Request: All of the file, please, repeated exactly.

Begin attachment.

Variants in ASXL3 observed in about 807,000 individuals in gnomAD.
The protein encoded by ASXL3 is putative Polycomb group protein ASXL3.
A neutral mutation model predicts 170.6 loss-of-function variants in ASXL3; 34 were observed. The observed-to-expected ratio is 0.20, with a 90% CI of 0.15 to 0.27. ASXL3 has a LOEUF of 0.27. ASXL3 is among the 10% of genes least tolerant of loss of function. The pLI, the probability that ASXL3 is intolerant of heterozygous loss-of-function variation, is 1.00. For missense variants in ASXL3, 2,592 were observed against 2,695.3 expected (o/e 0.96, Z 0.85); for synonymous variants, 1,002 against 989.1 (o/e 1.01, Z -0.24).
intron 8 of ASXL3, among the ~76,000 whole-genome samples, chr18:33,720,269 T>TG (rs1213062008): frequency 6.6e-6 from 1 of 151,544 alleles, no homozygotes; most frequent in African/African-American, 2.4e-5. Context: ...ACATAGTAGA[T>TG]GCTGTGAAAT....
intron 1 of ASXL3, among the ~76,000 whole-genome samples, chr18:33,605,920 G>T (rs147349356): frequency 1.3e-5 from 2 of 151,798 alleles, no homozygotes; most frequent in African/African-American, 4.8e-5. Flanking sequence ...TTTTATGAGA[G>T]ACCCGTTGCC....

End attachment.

Variants in ASXL3 observed in about 807,000 individuals in gnomAD.
The protein encoded by ASXL3 is putative Polycomb group protein ASXL3.
A neutral mutation model predicts 170.6 loss-of-function variants in ASXL3; 34 were observed. The observed-to-expected ratio is 0.20, with a 90% CI of 0.15 to 0.27. ASXL3 has a LOEUF of 0.27. ASXL3 is among the 10% of genes least tolerant of loss of function. The pLI, the probability that ASXL3 is intolerant of heterozygous loss-of-function variation, is 1.00. For missense variants in ASXL3, 2,592 were observed against 2,695.3 expected (o/e 0.96, Z 0.85); for synonymous variants, 1,002 against 989.1 (o/e 1.01, Z -0.24).
intron 8 of ASXL3, among the ~76,000 whole-genome samples, chr18:33,720,269 T>TG (rs1213062008): frequency 6.6e-6 from 1 of 151,544 alleles, no homozygotes; most frequent in African/African-American, 2.4e-5. Context: ...ACATAGTAGA[T>TG]GCTGTGAAAT....
intron 1 of ASXL3, among the ~76,000 whole-genome samples, chr18:33,605,920 G>T (rs147349356): frequency 1.3e-5 from 2 of 151,798 alleles, no homozygotes; most frequent in African/African-American, 4.8e-5. Flanking sequence ...TTTTATGAGA[G>T]ACCCGTTGCC....